"What do you want?" said Mike.

He suspected that Adair had come to ask him once again to play for the
school. The fact that the M.C.C. match was on the following day made
this a probable solution of the reason for his visit. He could think of
no other errand that was likely to have set the head of Downing's paying
afternoon calls.

"I'll tell you in a minute. It won't take long."

"That," said Psmith approvingly, "is right. Speed is the keynote of the
present age. Promptitude. Dispatch. This is no time for loitering. We
must be strenuous. We must hustle. We must Do It Now. We--"

"Buck up," said Mike.

"Certainly," said Adair. "I've just been talking to Stone and Robinson."

"An excellent way of passing an idle half hour," said Psmith.

"We weren't exactly idle," said Adair grimly. "It didn't last long, but
it was pretty lively while it did. Stone chucked it after the
first round."

Mike got up out of his chair. He could not quite follow what all this
was about, but there was no mistaking the truculence of Adair's manner.
For some reason, which might possibly be made clear later, Adair was
looking for trouble, and Mike in his present mood felt that it would be
a privilege to see that he got it.

Psmith was regarding Adair through his eyeglass with pain and surprise.

"Surely," he said, "you do not mean us to understand that you have been
_brawling_ with Comrade Stone! This is bad hearing. I thought that you
and he were like brothers. Such a bad example for Comrade Robinson, too.
Leave us, Adair. We would brood. 'Oh, go thee, knave, I'll none of
thee.' Shakespeare."

Psmith turned away, and resting his elbows on the mantelpiece, gazed at
himself mournfully in the looking glass.

"I'm not the man I was," he sighed, after a prolonged inspection. "There
are lines on my face, dark circles beneath my eyes. The fierce rush of
life at Sedleigh is wasting me away."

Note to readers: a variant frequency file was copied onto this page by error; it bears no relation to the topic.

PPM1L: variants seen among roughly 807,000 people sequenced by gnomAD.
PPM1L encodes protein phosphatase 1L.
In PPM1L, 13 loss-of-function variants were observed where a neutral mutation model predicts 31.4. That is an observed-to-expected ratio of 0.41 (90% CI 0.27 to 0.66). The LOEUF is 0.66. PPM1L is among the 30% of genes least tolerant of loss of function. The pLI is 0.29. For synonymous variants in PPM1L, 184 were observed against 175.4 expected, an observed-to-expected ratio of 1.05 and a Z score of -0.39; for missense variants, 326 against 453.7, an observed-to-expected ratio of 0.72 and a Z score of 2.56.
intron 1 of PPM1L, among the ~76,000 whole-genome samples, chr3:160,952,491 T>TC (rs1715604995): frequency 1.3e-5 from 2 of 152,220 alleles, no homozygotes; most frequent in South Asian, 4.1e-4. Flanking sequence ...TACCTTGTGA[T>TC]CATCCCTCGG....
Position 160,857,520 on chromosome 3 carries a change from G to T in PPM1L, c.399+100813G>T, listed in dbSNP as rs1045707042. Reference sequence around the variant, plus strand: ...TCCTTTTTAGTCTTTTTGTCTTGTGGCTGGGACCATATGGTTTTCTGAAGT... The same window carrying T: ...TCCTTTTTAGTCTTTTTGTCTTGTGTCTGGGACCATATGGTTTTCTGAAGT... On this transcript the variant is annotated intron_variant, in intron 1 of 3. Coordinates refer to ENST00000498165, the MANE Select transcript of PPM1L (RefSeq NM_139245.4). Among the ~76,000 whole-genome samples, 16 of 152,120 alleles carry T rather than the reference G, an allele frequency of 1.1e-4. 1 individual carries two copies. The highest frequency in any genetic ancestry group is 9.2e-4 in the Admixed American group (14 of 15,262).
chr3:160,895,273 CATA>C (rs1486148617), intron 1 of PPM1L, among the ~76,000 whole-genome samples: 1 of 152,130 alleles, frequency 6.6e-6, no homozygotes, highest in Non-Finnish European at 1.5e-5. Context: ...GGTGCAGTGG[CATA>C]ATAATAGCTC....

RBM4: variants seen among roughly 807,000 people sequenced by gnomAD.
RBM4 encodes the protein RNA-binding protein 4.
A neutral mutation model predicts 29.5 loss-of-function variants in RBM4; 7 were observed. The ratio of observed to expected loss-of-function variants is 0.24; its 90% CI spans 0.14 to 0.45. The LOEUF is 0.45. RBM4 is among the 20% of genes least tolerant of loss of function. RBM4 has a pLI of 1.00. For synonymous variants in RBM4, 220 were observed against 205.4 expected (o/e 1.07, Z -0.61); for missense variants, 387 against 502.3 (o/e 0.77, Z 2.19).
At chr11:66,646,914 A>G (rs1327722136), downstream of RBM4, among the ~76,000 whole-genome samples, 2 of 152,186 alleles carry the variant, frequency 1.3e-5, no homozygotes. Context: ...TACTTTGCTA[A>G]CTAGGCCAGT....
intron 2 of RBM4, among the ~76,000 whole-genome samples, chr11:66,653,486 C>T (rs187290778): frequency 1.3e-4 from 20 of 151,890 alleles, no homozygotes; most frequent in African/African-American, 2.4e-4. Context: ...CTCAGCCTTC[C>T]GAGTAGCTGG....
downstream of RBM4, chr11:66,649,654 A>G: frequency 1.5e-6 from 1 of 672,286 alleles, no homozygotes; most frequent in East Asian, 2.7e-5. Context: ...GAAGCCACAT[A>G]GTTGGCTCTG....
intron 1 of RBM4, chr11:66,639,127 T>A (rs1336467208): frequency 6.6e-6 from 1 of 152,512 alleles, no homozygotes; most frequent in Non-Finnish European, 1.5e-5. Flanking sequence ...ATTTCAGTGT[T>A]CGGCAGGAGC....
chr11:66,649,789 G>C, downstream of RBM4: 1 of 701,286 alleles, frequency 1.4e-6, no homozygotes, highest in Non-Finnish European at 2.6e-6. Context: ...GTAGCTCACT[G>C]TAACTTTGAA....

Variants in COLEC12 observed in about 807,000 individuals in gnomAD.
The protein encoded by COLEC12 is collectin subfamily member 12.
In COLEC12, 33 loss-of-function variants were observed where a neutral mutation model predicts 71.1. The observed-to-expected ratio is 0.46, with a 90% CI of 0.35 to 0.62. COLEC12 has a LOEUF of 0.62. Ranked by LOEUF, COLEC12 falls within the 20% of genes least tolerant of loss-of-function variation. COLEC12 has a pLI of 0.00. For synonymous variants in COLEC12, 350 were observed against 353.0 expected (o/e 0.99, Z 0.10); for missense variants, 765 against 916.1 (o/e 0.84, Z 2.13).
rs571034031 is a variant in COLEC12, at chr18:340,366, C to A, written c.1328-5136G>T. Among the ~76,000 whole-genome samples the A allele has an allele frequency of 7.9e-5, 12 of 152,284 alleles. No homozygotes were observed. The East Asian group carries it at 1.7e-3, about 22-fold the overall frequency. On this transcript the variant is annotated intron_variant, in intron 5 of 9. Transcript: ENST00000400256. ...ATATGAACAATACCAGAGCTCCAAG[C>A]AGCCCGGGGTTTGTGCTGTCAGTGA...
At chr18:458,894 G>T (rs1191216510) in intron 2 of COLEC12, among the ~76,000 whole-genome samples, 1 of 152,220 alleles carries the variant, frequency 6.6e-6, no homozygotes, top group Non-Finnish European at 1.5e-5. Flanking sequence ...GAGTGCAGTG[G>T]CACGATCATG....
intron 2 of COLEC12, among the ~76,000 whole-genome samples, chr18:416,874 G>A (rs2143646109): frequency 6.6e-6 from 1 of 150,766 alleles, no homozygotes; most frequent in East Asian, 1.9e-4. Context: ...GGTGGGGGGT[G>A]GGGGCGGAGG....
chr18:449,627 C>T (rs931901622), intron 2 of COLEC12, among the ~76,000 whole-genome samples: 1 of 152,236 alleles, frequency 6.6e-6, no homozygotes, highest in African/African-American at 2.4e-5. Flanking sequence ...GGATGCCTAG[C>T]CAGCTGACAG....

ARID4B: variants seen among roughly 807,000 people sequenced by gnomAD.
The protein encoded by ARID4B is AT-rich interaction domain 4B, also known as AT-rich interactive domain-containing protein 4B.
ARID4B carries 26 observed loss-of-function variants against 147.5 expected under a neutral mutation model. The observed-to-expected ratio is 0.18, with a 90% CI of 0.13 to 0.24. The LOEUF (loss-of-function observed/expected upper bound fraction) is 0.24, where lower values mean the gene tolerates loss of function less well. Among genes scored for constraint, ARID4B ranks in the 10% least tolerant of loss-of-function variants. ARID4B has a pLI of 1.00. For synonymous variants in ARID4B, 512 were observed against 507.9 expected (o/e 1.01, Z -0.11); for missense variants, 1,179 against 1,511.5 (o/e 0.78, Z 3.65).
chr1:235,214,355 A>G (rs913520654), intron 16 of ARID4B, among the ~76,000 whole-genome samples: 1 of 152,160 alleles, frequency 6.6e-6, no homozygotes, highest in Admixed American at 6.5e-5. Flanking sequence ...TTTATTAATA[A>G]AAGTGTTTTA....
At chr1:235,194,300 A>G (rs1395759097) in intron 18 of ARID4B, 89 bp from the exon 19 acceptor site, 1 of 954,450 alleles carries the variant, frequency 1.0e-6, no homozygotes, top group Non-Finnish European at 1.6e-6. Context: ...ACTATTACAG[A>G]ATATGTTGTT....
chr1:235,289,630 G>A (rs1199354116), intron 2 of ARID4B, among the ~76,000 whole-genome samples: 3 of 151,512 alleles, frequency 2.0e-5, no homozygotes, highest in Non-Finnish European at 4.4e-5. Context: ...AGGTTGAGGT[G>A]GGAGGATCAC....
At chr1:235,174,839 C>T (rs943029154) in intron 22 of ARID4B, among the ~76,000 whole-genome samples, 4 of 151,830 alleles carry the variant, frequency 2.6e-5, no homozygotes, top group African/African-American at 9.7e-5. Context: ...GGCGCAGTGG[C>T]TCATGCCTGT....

"Stone and I had a discussion about early-morning fielding practice,"
said Adair, turning to Mike.

Mike said nothing.

"I thought his fielding wanted working up a bit, so I told him to turn
out at six tomorrow morning. He said he wouldn't, so we argued it out.
He's going to all right. So is Robinson."

Mike remained silent.

"So are you," said Adair.

"I get thinner and thinner," said Psmith from the mantelpiece.

Mike looked at Adair, and Adair looked at Mike, after the manner of two
dogs before they fly at one another. There was an electric silence in
the study. Psmith peered with increased earnestness into the glass.

"Oh?" said Mike at last. "What makes you think that?"

"I don't think. I know."

"Any special reason for my turning out?"


"What's that?"

"You're going to play for the school against the M.C.C. tomorrow, and I
want you to get some practice."

"I wonder how you got that idea!"

"Curious I should have done, isn't it?"

"Very. You aren't building on it much, are you?" said Mike politely.

"I am, rather," replied Adair, with equal courtesy.

"I'm afraid you'll be disappointed."

"I don't think so."

"My eyes," said Psmith regretfully, "are a bit close together. However,"
he added philosophically, "it's too late to alter that now."

Mike drew a step closer to Adair.

"What makes you think I shall play against the M.C.C.?" he asked

"I'm going to make you."

Mike took another step forward. Adair moved to meet him.

"Would you care to try now?" said Mike.

For just one second the two drew themselves together preparatory to
beginning the serious business of the interview, and in that second
Psmith, turning from the glass, stepped between them.

"Get out of the light, Smith," said Mike.

Psmith waved him back with a deprecating gesture.

"My dear young friends," he said placidly, "if you _will_ let your angry
passions rise, against the direct advice of Doctor Watts, I suppose you
must. But when you propose to claw each other in my study, in the midst
of a hundred fragile and priceless ornaments, I lodge a protest. If you
really feel that you want to scrap, for goodness' sake do it where
there's some room. I don't want all the study furniture smashed. I know
a bank whereon the wild thyme grows, only a few yards down the road,
where you can scrap all night if you want to. How would it be to move on
there? Any objections? None. Then shift ho! And let's get it over."

© Art Branch Inc. | English Dictionary